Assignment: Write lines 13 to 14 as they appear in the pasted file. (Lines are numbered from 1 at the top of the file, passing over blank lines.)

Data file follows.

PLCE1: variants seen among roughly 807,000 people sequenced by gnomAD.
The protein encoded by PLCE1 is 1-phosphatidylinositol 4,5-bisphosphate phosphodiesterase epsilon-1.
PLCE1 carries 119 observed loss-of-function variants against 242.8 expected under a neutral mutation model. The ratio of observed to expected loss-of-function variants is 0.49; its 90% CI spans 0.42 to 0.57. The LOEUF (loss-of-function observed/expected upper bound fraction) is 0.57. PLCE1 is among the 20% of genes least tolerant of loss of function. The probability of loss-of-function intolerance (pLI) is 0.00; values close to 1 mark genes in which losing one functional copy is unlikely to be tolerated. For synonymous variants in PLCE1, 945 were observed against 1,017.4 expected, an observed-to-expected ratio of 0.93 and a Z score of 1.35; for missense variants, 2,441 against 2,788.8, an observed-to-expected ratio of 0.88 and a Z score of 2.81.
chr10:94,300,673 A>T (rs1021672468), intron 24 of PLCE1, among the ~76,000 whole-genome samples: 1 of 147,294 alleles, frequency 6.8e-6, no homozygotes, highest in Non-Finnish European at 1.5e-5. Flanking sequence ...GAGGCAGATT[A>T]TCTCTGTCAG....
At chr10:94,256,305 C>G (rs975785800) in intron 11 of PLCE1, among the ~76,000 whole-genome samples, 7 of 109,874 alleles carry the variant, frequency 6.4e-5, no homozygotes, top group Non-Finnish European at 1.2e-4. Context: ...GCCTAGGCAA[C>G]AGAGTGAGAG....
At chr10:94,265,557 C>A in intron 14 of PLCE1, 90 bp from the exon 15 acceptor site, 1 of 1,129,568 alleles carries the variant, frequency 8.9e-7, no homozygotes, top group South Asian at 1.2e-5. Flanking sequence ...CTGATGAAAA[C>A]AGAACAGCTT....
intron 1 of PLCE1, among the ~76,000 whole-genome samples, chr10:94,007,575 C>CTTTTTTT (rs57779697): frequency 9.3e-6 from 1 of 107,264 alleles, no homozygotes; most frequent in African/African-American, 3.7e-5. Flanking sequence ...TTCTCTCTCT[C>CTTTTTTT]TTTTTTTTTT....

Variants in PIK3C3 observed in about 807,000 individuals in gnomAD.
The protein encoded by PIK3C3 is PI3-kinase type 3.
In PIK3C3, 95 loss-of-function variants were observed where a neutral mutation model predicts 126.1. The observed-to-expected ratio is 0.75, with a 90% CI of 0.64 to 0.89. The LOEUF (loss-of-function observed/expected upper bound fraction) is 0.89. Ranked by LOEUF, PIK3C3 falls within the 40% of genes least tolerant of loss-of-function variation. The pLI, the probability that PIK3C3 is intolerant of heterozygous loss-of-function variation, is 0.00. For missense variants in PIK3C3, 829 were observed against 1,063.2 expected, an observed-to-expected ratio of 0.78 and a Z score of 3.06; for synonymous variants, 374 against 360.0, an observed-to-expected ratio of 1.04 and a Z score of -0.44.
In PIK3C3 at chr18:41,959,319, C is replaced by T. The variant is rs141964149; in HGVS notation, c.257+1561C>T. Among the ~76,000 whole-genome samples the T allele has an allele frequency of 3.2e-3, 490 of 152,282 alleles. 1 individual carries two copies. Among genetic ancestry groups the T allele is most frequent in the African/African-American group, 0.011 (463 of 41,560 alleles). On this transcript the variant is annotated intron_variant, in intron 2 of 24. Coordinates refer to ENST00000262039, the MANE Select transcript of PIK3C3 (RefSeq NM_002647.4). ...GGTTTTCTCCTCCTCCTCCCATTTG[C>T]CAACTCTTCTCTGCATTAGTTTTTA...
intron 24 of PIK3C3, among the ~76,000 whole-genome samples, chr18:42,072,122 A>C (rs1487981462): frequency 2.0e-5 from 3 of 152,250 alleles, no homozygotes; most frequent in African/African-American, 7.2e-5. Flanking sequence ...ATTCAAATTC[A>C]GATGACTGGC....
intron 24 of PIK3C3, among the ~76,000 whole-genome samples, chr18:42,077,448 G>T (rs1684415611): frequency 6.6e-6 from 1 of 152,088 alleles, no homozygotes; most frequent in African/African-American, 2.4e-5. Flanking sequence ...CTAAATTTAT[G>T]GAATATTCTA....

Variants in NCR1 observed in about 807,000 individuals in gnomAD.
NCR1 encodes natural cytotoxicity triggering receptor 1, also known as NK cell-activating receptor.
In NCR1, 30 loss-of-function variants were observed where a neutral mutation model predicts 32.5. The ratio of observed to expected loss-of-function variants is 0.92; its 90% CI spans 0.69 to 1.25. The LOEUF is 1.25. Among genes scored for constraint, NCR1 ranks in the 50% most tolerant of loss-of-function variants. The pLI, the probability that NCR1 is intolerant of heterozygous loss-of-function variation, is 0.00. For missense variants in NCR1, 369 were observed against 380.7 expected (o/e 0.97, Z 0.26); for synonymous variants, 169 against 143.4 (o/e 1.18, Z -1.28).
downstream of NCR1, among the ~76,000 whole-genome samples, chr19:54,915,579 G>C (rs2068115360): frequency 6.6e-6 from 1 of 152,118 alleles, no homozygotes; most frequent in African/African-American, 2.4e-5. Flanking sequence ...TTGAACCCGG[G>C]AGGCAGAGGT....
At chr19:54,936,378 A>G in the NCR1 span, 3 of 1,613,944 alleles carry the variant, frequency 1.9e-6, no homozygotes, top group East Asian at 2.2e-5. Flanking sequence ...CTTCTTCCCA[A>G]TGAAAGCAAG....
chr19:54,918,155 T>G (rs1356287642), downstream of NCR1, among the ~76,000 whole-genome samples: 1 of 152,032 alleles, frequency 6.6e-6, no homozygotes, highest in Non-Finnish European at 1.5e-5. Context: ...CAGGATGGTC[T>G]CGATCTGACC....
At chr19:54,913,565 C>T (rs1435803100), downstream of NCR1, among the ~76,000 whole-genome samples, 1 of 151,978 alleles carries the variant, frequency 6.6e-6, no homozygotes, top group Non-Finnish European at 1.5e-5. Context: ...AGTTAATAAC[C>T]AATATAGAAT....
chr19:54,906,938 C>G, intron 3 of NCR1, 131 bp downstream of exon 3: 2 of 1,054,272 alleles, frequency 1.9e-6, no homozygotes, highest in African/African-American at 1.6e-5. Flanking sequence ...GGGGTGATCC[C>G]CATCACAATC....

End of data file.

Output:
intron 24 of PIK3C3, among the ~76,000 whole-genome samples, chr18:42,077,448 G>T (rs1684415611): frequency 6.6e-6 from 1 of 152,088 alleles, no homozygotes; most frequent in African/African-American, 2.4e-5. Flanking sequence ...CTAAATTTAT[G>T]GAATATTCTA....

Variants in NCR1 observed in about 807,000 individuals in gnomAD.